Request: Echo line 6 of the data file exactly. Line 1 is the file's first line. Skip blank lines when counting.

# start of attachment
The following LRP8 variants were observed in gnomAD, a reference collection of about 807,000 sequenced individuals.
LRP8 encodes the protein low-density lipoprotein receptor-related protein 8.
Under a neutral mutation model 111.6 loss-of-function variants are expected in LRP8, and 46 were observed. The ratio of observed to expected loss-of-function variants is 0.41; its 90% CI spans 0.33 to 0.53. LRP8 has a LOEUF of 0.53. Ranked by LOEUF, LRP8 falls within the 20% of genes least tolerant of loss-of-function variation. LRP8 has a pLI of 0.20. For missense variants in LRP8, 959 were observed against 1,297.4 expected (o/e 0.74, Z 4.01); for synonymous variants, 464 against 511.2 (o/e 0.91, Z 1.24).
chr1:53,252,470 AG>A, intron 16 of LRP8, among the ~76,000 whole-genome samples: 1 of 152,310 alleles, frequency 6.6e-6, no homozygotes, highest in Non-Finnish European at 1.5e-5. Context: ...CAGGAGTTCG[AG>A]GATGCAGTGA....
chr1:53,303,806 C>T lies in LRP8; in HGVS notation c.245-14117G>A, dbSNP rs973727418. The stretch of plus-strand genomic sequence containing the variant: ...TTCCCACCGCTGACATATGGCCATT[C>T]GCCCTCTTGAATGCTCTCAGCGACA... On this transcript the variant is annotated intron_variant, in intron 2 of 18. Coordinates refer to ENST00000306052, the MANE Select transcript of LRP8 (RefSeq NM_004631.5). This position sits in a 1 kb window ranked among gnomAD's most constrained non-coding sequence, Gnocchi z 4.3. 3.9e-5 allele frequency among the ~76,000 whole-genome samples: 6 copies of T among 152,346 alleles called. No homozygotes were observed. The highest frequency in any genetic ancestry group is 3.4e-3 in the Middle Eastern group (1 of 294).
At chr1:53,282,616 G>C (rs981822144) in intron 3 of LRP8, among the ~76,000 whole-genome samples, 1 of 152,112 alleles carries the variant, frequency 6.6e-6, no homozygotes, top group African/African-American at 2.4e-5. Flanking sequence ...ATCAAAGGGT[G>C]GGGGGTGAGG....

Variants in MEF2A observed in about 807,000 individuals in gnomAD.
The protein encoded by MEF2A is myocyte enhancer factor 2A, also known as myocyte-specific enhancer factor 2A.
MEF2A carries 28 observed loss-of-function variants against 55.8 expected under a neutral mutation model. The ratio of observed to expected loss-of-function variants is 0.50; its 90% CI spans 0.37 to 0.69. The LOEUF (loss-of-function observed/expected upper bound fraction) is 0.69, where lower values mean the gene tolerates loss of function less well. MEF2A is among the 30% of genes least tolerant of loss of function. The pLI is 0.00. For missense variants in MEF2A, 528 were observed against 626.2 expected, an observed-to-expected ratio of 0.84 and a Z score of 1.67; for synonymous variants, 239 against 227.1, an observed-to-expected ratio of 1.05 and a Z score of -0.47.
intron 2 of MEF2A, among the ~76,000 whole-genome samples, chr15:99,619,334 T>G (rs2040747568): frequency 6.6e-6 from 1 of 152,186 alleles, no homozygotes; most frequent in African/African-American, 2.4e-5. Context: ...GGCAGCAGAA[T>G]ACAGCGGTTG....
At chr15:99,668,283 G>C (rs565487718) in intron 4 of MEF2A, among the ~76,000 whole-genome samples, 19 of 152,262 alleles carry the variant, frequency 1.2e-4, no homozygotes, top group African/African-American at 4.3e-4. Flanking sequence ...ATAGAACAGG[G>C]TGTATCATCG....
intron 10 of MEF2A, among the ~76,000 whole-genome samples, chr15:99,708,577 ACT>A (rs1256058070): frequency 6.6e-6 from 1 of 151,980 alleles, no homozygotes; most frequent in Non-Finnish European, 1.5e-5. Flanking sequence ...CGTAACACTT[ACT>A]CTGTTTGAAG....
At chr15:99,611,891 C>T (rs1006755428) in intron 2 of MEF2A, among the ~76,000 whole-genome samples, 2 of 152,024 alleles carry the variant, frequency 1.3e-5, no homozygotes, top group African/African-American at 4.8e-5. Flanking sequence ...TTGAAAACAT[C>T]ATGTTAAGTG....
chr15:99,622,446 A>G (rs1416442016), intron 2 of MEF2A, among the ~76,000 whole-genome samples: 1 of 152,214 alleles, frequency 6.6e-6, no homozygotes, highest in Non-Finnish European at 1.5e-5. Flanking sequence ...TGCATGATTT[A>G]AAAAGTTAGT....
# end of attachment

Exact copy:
At chr1:53,282,616 G>C (rs981822144) in intron 3 of LRP8, among the ~76,000 whole-genome samples, 1 of 152,112 alleles carries the variant, frequency 6.6e-6, no homozygotes, top group African/African-American at 2.4e-5. Flanking sequence ...ATCAAAGGGT[G>C]GGGGGTGAGG....